I'm putting up a storage shed in the back yard (a Home Depot package deal).
My preferred location is in an area of the lawn that has about a 15-20%
slope to the left as you look at the building door. Clearly, I can't simply
drop the building on that part of my yard.
As a relative novice to this type of thing (carpentry, construction, etc.),
I'm curious as to the best way to level the building in that location. I'm
thinking of putting it on cement block all around, and digging down on the
"higher" side (right side) of the building and then placing the block on the
other side in such a manner as to level it out.
This may sound clear as mud, but if you get my drift, I'd appreciate any
input as to whether this is a tried and true method...or if there are better
ways of getting it done.
Thanks in advance.
This is what I would consider .............
Forming and pouring a concrete pad. Make it higher than the uphill side so
water will not come in as it runs down the hill. Maybe even make the pad
slightly larger than the building and slope outward from there to get
runoff. What you want to do is keep water from coming in under the
building and getting everything that is on the floor wet. What you describe
would allow the water to come in. Imagine what you are considering building
in an absolute downpour for an hour, because that usually happens right
after you complete a project like this. Or at least, it has when I have
Forming for concrete is very easy, and it would be easy to get a level pour.
True, concrete is pricey, but by the time you mess around with all the
block, labor, time, etc, forming and pouring would be MY first choice. And
it would give you a definite permanent pad. Check your local regulations
first, and be sure to include conduit for any electrical BEFORE you pour.
Also, you might include anchor bolts, or just rotohammer in some RedHeads to
hold it down.
I like a pad too but that can lead to an increase in property tax in some
areas (my area for sure and many others). Placing it on blocks would make it
a temporary structure and exempt from assessment.
For my area an 8x8 required no permit, a 10x10 would, check with your
bldg dept to see if they need a permit or have restrictions on the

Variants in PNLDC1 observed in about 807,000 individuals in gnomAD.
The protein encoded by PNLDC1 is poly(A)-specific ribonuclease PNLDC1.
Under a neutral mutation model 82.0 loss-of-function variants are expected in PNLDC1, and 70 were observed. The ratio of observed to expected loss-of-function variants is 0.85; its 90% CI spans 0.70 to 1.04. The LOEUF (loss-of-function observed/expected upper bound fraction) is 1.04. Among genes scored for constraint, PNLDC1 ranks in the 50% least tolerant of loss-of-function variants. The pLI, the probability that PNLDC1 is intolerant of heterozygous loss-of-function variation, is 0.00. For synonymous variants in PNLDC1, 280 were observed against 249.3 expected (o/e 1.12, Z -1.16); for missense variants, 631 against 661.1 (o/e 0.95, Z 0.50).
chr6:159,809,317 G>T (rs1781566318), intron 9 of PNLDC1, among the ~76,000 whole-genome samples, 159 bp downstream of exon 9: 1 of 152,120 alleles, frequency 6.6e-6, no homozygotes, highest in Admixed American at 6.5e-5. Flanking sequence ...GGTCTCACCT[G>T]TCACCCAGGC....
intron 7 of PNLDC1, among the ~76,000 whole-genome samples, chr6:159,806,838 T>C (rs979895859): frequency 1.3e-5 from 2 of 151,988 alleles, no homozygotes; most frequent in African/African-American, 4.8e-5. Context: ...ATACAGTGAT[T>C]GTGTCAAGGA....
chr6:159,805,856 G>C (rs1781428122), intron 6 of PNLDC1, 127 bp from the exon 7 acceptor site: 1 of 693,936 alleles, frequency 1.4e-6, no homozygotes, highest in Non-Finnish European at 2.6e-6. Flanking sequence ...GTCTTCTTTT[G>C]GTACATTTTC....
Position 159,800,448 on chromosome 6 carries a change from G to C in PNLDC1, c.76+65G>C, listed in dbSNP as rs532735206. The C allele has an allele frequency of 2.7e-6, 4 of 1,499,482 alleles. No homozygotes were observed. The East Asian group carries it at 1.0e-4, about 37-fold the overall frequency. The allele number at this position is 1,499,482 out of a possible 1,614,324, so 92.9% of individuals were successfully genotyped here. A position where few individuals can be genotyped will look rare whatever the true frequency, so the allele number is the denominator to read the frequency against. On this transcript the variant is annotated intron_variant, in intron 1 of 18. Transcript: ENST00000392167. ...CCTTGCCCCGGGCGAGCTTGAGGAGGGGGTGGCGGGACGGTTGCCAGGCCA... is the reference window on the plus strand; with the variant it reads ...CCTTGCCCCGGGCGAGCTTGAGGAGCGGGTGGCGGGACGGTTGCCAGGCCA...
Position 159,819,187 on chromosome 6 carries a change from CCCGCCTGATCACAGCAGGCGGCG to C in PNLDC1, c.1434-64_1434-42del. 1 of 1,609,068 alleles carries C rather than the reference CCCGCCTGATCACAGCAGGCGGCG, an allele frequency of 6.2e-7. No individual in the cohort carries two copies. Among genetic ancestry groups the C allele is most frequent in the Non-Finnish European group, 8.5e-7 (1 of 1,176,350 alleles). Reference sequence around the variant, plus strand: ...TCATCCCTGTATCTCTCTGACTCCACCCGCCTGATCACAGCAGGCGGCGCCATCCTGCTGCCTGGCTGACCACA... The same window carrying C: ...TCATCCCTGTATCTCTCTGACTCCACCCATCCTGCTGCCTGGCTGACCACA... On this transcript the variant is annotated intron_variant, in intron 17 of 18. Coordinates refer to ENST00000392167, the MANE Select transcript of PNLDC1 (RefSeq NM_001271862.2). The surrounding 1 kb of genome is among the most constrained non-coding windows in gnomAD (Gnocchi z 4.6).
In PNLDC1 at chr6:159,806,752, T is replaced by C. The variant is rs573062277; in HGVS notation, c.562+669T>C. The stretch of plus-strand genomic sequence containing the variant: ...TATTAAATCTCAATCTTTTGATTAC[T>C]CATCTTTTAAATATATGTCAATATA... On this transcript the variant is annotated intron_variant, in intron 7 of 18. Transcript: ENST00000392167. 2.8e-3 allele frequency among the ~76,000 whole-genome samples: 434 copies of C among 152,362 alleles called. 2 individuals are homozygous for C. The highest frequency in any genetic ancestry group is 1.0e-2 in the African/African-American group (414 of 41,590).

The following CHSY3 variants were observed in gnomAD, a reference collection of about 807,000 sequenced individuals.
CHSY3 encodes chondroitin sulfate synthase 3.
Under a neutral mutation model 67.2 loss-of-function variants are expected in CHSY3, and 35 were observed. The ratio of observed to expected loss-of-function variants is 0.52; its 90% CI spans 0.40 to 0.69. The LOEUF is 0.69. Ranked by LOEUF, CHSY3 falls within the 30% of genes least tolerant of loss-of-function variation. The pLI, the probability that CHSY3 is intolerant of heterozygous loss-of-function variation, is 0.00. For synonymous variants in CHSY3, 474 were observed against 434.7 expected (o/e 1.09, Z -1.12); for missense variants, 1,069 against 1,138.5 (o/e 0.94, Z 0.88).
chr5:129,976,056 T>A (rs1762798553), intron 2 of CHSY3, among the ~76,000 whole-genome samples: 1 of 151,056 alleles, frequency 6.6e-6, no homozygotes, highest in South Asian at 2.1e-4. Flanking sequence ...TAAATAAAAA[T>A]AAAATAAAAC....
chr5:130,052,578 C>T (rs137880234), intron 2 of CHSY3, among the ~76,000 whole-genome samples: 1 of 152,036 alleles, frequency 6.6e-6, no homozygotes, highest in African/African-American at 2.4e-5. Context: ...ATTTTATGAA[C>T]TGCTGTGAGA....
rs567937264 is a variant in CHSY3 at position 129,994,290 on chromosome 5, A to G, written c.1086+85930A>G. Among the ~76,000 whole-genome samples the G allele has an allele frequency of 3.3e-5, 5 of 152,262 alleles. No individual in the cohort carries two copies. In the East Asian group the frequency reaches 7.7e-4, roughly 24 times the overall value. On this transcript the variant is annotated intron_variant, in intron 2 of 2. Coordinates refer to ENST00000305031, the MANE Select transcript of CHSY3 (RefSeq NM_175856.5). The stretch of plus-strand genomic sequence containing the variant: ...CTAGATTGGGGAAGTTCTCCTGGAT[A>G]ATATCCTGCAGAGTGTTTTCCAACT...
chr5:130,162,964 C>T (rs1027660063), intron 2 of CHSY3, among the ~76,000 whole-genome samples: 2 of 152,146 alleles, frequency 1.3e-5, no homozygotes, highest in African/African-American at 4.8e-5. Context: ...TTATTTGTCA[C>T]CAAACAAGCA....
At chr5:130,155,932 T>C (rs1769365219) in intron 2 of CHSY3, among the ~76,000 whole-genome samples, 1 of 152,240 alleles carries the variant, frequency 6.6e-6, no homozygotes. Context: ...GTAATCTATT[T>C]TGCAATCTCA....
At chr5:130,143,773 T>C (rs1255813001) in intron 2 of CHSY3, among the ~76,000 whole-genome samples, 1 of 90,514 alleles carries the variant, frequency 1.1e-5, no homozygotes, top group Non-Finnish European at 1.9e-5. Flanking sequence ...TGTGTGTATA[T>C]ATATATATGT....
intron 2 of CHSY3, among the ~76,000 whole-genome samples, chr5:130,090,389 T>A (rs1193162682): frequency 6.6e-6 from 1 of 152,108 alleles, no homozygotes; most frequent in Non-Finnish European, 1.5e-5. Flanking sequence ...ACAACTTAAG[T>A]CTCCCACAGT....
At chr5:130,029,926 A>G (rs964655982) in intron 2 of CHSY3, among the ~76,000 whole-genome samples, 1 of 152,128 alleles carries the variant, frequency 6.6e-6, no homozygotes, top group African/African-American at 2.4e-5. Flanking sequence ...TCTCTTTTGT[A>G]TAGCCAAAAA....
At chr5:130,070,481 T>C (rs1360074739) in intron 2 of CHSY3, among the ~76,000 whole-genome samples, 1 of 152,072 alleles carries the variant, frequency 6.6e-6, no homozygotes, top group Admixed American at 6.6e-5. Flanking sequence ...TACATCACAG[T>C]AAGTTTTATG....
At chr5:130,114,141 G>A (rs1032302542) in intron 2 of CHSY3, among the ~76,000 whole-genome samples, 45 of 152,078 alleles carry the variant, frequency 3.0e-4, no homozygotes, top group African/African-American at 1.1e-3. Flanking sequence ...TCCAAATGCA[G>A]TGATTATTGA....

foundation , for 10x10. A moveable shed on blocks also should not
increase taxes, and your insurance.
Assuming cinder block foundation...
Step 1. Find the lowest part of the foundation
Step 2. Scrape off the top layer of grass & soil under entire area shed
Step 3. Place block level in lowest corner
Step 4. Dig for next block, place and level
Step 5. Repeat step 4 until all the way around
Step 6. Place landscape fabric inside the foundation and cover with
gravel (supposed to cut down on rodents burrowing underneath)
Try not to add soil (just remove it) as settling is more apt to happen
when you have to back-fill
If you are out of level by more than the height of a single cinder block
you're going to need to build a more substantial foundation (Piers or
mortared cinder block "walls" for a foundation)
You can use 8" cinder block on the low side and work your way to "cap
block" on the high side
No matter what. Don't let the wood directoy touch the ground when
installed. (Cinder block is enough of a sponge......)
You don't mention the size of the shed? Personally I have always used posts;
collecting pieces of old telephone poles, treated posts etc. etc.
Maybe six posts would be sufficient? Depending on size of shed, also frost
depth, here going about 24 to 30 inches is good.
So posts need to about be 36 inches long.
A post hole digger is very useful for digging neat straight edge holes.
the advantage of posts is that they are relatively cheap, simple to install,
easy to cut off after placing so shed is level and provide an air space
under the shed which avoids dampness and rot. If the local moggies
congregate under, some chicken wire or pieces of trellis is useful.
The only disadvantage is that a step or small ramp may be required to wheel
in grass mowers, snow blowers etc. by the some 6 inches plus the thickness
of the floor that the shed floor will above ground level. Personally we put
our sheds a little higher than 6 inches so the space underneath not only
allows good air flow but can also be used as temporary storage for lengths
of pipe etc. Our oldest shed is 20+ years old.
I did pretty much the same thing for my shed in 1991. I poured concrete
piers 4' down (required by code to be surpass the frostline here in the
mid-Atlantic). I embedded bolts into the wet concrete and bolted galvanized